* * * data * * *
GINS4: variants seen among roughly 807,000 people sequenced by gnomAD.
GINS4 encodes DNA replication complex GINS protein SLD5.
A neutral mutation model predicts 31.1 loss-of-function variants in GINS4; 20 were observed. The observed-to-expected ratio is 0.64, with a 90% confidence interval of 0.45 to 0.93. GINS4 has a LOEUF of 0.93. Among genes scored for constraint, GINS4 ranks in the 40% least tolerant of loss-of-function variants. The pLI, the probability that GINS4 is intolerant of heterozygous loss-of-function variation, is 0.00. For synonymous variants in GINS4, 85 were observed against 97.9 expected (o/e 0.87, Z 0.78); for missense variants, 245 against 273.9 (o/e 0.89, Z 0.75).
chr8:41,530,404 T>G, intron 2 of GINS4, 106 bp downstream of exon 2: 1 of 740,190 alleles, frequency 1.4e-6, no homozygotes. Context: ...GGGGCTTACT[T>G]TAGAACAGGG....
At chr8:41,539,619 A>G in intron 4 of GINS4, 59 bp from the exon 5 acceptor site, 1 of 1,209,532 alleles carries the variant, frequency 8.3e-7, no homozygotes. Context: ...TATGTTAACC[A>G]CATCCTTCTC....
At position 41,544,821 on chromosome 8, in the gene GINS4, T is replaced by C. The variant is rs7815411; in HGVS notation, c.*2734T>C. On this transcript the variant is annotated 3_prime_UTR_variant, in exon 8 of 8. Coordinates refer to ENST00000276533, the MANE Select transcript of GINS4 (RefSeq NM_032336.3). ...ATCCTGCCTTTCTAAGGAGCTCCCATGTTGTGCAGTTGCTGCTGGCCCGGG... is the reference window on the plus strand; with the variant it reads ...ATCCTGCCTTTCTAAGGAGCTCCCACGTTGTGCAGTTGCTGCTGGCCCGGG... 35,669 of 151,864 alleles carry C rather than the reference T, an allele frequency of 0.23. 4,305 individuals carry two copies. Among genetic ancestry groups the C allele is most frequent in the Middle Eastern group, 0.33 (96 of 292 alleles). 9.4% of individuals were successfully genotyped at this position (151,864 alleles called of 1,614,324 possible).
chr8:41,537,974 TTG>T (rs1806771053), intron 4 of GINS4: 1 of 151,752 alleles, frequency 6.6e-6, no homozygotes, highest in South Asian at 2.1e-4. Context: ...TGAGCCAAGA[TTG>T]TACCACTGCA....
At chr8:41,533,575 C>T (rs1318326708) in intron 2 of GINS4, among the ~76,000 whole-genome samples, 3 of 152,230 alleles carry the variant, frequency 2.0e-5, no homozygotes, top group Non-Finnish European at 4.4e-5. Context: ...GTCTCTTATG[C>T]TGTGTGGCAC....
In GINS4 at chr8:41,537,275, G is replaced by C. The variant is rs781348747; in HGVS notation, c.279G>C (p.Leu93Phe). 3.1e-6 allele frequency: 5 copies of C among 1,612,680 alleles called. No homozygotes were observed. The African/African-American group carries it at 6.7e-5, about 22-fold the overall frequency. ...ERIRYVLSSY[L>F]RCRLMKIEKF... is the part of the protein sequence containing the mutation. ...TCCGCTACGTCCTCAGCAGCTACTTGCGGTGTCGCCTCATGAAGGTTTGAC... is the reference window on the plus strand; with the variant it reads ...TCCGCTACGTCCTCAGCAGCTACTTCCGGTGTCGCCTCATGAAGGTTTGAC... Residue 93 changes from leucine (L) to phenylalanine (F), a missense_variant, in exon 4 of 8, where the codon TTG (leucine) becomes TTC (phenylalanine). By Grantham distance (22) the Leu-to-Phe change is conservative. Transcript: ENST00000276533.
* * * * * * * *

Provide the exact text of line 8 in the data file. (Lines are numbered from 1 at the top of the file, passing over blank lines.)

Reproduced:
At chr8:41,533,575 C>T (rs1318326708) in intron 2 of GINS4, among the ~76,000 whole-genome samples, 3 of 152,230 alleles carry the variant, frequency 2.0e-5, no homozygotes, top group Non-Finnish European at 4.4e-5. Context: ...GTCTCTTATG[C>T]TGTGTGGCAC....